These combined activities translated into the following benefits in trials submitted to the EU for registration approval:
Field trials with dairy cows and beef cattle at a number of research institutes including AFBI in N. Ireland have also demonstrated the positive effects of Advance+ on animal performance. The predicted benefits using an intake model are shown below:
The predicted growth of store beef cattle fed was greater on the Advance+ treated silage across a wide range of performance levels, and this was also the case with finishing beef cattle. All indications point to the production of silage which is superior in its chemical and nutritional analysis.
Microbial Silage Inoculants: More Silage, More Nutrients
Intensive research programmes continue to refine the selection of strains of LAB, and the optimum levels of inclusion for use in microbial inoculants for silage making with various forages under differing climate conditions.
Whilst inoculants were originally designed for efficient lactic acid production, a greater understanding of the metabolism of LAB and the metabolites produced has allowed the formulation of products which have other valuable benefits.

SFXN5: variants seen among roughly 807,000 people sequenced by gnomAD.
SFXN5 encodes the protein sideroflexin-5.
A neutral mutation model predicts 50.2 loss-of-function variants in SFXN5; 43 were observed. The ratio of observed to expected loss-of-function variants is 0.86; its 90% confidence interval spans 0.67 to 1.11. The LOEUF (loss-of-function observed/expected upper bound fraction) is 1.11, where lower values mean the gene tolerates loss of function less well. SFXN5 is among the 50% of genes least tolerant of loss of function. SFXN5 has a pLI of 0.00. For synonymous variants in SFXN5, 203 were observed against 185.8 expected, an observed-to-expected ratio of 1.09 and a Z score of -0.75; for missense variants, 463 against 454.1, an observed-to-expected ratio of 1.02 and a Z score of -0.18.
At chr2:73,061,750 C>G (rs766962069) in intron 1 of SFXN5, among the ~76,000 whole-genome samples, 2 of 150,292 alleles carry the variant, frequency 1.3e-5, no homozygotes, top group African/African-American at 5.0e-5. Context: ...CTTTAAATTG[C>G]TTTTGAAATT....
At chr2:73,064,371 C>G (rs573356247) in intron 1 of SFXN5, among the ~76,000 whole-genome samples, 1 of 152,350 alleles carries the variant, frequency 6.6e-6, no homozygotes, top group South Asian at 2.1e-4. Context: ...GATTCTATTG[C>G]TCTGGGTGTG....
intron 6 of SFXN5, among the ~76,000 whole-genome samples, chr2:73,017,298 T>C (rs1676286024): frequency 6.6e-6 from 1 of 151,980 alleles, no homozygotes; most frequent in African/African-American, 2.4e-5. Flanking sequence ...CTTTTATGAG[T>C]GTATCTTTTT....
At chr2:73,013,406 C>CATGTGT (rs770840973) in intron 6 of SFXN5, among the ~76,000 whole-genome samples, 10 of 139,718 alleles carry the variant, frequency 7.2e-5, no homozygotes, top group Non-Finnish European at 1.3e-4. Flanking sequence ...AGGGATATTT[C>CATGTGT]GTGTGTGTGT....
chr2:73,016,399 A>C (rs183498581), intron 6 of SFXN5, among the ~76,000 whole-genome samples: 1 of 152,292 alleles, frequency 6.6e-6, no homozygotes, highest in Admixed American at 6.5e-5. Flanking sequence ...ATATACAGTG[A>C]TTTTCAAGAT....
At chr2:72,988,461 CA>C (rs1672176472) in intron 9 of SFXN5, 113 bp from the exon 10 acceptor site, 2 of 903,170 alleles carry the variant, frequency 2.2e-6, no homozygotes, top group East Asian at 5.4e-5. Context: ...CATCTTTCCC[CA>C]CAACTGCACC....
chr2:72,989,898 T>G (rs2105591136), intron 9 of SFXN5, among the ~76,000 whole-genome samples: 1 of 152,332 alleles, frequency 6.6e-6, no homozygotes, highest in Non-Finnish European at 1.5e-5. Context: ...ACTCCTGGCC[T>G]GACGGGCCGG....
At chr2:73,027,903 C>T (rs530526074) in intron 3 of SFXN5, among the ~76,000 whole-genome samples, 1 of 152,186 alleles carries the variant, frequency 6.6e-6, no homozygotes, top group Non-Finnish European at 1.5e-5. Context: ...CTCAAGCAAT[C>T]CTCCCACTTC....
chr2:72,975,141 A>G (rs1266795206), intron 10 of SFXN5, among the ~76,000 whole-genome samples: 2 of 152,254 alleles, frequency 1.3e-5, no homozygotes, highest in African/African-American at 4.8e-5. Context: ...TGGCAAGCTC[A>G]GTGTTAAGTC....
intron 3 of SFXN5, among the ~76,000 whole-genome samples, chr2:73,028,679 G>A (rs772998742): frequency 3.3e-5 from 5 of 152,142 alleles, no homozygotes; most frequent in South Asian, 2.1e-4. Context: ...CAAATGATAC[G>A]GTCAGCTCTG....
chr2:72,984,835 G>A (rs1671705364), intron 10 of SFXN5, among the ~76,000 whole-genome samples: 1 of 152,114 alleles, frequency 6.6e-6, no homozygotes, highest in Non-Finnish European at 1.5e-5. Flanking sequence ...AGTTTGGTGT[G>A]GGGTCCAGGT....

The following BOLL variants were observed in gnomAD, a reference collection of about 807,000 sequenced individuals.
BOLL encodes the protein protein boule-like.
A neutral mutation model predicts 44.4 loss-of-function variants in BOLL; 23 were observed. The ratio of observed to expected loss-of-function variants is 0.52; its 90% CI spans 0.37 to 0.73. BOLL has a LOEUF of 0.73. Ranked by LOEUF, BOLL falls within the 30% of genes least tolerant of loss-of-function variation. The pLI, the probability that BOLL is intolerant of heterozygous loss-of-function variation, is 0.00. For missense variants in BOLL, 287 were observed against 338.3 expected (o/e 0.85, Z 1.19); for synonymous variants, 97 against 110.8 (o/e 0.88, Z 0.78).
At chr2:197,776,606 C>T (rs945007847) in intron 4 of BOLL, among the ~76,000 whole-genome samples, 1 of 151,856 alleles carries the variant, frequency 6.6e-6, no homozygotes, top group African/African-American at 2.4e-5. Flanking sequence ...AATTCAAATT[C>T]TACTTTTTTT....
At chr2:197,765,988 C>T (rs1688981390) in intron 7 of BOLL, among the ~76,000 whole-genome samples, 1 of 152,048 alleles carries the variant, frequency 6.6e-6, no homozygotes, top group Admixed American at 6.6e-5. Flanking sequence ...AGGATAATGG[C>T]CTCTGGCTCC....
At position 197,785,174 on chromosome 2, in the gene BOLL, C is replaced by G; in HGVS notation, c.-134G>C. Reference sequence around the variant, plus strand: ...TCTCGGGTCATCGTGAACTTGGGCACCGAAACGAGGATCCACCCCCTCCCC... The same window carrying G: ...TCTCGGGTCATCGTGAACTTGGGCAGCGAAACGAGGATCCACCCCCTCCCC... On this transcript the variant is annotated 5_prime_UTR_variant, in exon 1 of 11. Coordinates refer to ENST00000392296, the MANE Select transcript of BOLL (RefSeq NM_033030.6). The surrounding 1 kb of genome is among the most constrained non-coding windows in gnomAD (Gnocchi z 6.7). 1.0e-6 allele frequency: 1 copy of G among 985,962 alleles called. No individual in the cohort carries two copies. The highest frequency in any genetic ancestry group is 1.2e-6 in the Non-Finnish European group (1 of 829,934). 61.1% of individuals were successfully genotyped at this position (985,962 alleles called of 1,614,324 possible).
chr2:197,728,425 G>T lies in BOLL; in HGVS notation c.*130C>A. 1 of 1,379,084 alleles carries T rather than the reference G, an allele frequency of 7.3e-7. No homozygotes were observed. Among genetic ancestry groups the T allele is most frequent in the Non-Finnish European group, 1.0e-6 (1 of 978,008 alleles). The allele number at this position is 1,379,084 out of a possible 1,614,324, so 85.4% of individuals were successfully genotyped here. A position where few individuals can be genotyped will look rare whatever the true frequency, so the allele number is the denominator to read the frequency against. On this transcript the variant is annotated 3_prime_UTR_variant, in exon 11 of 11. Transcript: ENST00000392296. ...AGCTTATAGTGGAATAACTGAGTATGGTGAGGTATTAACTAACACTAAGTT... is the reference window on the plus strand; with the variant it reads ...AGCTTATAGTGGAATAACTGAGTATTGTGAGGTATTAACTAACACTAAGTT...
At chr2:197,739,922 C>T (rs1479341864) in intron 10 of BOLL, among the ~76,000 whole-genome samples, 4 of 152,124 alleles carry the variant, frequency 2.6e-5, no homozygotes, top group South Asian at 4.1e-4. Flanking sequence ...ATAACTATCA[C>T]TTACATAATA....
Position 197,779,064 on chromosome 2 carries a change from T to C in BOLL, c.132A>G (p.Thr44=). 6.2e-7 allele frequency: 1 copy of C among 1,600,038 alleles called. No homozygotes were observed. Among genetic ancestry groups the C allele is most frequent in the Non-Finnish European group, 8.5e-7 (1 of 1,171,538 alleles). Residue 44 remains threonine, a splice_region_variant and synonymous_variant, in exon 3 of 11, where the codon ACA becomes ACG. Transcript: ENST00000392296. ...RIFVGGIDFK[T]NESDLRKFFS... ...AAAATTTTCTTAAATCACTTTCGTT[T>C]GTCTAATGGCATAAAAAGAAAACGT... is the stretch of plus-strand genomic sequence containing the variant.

Combinations of a number of strains of LAB also allow for:
- The production of acetic acid well recognised as a means of improving stability, and preventing the growth of filamentous fungi when clamps are opened reducing dry matter losses and heating. As well as anti-fungal activities, there is increasing evidence that LAB can reduce levels of mycotoxins in forage – maize silage has been shown to be widely contaminated with these toxic molecules that can effect gut health and reproductive performance.
- Unlocking of valuable fermentable substrate from lignified material through the production of Carboxylesterase enzymes which break the bonds between arabinoxylan and lignin in mature material such as whole crop cereals. This improves degradability of the cell wall and the potential to supply more energy in the rumen.
- Inoculant treated silage can modulate rumen fermentation to produce more propionate, and less methane so important when agricultural production systems are being asked to reduce greenhouse gas emissions.
Together these benefits can work to produce silage, which is stable, palatable and highly digestible leading to improved animal performance. Making the most of home-grown forage in this way will certainly make a difference to the bottom line of ruminant livestock enterprises – a small investment in an inoculant such as the multi-strain Advance+ will lead to superior quality silage and animal performance.